Hawke 8x42 LRF Binoculars
- By Pete Moore
- 0 Comments
- Last updated: 17/09/2023
As a hunter, one of the greatest inventions is the laser rangefinder (LRF). Let’s face it, judging distance with the Mk 1 eyeball is never easy. In the army, we were taught to use familiar objects to gauge distances, which was very seat-of-the-pants stuff and never that accurate.
Bushnell was probably the first to produce a modern and compact LRF monocular, which revolutionized sports and disciplines that needed to know exact distances. The idea was simple. A laser emitter shot out a beam of light that bounced off the target and was reflected back to the receiver in the unit, which calculated the distance. Now, all you needed to know was your bullet drop at the given distance and you were in business.
I’ve owned several monocular LRFs and they were an epiphany, but their size, lower magnification, and small objective lens made them hard to hold on target and see details. So, I’d carry one, plus a set of binoculars, which was a pain. But it was only a matter of time before someone would put this system into a set of binos.
The problem was that LRF binos were expensive, compared to a monocular, and the European makes even more so. I recall that I paid around £1700 for a set of Leica Geovid 8x56 BRFs (binocular rangefinder) when they first came out, which was a lot more money than their monocular unit. However, over several years, some optical companies started offering them at more competitive prices as this technology was embraced.
They are no strangers to laser rangefinders, but Hawke Sport Optics of the UK is late to the party on BRFs, with their Frontier 8x42 and 10x42 units. Price-wise, there’s a £100 difference between the two models, but in shops, you can expect to pay sub-£1000 for either unit, which, considering what’s on offer, is pretty impressive, as I discovered. I say that, as I use a set of Swarovski EL Range 10x42 LRFs, which are at the top of the tree, but the Frontiers still impressed in terms of price, quality, and sheer ability. OK, a grand is still a chunk of money, but not when compared to £2500-£3000 for Lecia, Swarovski or Zeiss!
Visually, the Frontiers show a green, rubber-armoured body over a magnesium alloy chassis, with a long, single-hinged bridge, with the focus at the front and the battery compartment at the end, accessed by a screw-off cap. They come with individual diopters to adjust both eye and OLED display focus in the left and right-hand barrels accordingly.
The controls are simple, with the menu button (M) on the left barrel and the power button on the right. Also included are captured, individual front lens caps, with a single one for the eyepieces, which is retained by the neck strap. The 8x42s weigh 35.2oz, are 6.5” long, and 4.5-5.4” wide, while the 10x42s are just 0.5” longer and 1.8oz heavier. Hawke includes a soft, padded carry sack (green), a neck strap, and a body harness to secure the bag at chest height. Power is supplied by 1x CR2 battery.
The lenses are fully multi-coated and water-repellent, with high light transmission, and true colour optics. The OLED display offers six levels of brightness and there is an auto shut-off system to save battery life. Distance measurements are quoted as being accurate to ±1m from 10 - 1800m.
Hawke has not bothered offering a ballistic package, which I agree with, as in the wrong hands they can cause more problems than they solve. Instead, they’ve stuck with six programs that seem to have covered most of the bases, easily accessed by a nice and simple menu.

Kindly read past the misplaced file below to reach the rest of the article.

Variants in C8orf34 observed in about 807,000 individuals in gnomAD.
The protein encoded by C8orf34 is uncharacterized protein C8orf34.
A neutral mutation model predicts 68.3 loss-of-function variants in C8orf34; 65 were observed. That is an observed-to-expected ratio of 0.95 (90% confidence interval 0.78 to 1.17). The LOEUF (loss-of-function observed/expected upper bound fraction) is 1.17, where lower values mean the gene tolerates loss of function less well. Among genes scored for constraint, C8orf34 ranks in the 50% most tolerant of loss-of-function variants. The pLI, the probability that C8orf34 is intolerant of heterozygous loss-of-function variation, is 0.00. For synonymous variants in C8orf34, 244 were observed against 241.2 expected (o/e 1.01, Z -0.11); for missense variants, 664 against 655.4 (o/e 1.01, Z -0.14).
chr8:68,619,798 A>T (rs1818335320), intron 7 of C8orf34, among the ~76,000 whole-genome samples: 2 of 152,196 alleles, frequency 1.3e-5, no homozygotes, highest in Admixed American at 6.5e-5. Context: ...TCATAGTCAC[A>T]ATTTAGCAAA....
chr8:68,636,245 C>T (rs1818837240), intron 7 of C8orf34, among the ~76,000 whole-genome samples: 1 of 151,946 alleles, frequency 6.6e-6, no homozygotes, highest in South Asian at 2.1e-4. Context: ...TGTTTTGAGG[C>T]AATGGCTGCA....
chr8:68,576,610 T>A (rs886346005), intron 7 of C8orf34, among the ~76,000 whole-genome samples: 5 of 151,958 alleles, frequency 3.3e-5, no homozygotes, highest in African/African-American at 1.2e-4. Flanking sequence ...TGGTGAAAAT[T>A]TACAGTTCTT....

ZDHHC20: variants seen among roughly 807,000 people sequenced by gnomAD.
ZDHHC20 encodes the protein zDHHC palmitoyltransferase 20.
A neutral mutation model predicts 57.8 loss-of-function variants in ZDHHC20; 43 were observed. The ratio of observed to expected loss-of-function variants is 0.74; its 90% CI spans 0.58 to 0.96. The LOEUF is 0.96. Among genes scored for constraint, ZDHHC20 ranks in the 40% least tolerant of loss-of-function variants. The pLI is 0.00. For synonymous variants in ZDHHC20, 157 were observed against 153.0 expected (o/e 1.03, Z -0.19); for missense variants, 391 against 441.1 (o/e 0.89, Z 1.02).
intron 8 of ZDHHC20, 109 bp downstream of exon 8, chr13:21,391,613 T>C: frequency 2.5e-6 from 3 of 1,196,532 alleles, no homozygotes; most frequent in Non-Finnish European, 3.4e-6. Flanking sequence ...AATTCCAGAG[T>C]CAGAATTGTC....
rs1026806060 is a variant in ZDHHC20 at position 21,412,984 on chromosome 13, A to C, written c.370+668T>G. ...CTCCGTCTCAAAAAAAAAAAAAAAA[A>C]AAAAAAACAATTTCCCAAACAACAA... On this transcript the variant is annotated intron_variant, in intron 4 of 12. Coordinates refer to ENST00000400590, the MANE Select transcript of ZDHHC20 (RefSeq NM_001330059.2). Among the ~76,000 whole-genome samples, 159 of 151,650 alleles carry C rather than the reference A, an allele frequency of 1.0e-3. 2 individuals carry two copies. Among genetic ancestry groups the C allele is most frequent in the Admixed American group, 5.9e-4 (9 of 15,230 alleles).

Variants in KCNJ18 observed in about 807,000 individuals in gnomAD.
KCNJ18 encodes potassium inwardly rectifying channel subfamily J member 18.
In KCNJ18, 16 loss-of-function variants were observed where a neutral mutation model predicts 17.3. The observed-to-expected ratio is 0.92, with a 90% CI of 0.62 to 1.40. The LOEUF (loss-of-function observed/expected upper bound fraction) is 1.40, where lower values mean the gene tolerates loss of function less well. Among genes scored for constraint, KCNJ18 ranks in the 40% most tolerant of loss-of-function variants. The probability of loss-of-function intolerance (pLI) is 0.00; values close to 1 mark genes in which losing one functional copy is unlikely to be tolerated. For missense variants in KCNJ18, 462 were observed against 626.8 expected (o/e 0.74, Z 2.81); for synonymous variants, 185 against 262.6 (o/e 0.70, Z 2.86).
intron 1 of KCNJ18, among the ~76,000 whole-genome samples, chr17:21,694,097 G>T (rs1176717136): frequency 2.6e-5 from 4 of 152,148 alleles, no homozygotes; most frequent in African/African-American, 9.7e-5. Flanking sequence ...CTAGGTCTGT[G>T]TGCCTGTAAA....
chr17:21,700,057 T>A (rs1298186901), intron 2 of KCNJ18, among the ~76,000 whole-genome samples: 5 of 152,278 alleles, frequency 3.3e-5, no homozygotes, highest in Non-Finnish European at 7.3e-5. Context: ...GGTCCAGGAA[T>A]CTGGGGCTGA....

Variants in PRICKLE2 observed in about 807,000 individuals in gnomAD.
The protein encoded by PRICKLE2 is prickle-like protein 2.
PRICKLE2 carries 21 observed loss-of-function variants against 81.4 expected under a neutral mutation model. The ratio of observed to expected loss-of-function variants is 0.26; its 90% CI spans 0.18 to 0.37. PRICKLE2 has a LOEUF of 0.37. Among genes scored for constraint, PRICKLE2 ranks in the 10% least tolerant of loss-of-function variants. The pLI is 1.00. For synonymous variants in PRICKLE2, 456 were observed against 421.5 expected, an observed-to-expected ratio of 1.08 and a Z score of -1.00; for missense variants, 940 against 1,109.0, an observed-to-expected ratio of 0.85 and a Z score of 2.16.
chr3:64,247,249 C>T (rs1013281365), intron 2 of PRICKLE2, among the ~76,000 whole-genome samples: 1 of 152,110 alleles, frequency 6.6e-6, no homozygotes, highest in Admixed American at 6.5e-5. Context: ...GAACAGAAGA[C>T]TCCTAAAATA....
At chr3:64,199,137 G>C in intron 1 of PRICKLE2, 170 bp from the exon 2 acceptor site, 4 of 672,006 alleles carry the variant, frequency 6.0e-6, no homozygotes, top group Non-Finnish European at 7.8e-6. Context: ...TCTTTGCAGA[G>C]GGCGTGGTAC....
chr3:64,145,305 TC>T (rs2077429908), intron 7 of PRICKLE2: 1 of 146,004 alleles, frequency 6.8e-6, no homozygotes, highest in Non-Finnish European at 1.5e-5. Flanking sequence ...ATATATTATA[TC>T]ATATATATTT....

The OLED reticle offers a red readout, an aim point with horizontal and vertical guide stadia, a distance measurement readout in yards and meters, the six targeting modes (displayed as selected), a laser emission signal, and a low battery indicator. Of most relevance are the modes.
STANDARD: straight line distance to target, no icon in the view. Holding the power button gives a scan (continuous read-out) as you scan around, other modes also offer this facility. No icon.
NEAR: straight line distance by actively searching for tall items like a flagpole, for example, sitting in the foreground. Icon: flagpole.
HUNT: straight line distance, but ignores lesser objects like grass, small bushed etc., so you could range a deer partially obscured by light foliage. Icon: deer head in a circle.
RAIN: straight line distance, but ignores raindrops, which can refract the laser beam and affect vision. Icon: a cloud with rain falling.
HORIZONTAL DISTANCE: horizontal distance to target with the straight line distance also displayed. This is the first angle mode that allows you to compensate for up/down hill shots. Icon: HD.
ANGLE: measures the angle of projection and displays it to the nearest 1/10 of a degree. Straight line is shown as Y or M with the angle used to calculate distance. Icon: angled lines.
Overall, no complaints, a reasonably light and compact design for what they offer. All the targeting modes do what they say, but I’m a little confused by NEAR, as I can’t quite see the relevance. The optical clarity was good, as was the laser return. I especially liked the RAIN, HUNT and HD modes, as they are truly practical.
The ±1m/y accuracy worked at shorter ranges (100/200 yards), but as you push that out, be aware, holding the binos steady and bang on target gets harder as the size, shape, and colour of objects has a greater negative effect on reflectivity, and so accurate and consistent ranging, which applies to any system. With any LRF, it’s paramount to ping the target a few times to get an average.
Overall, and for the money, a good set of LRF binos. They are well-priced, have practical features, and are accurate enough for all sensible hunting distances.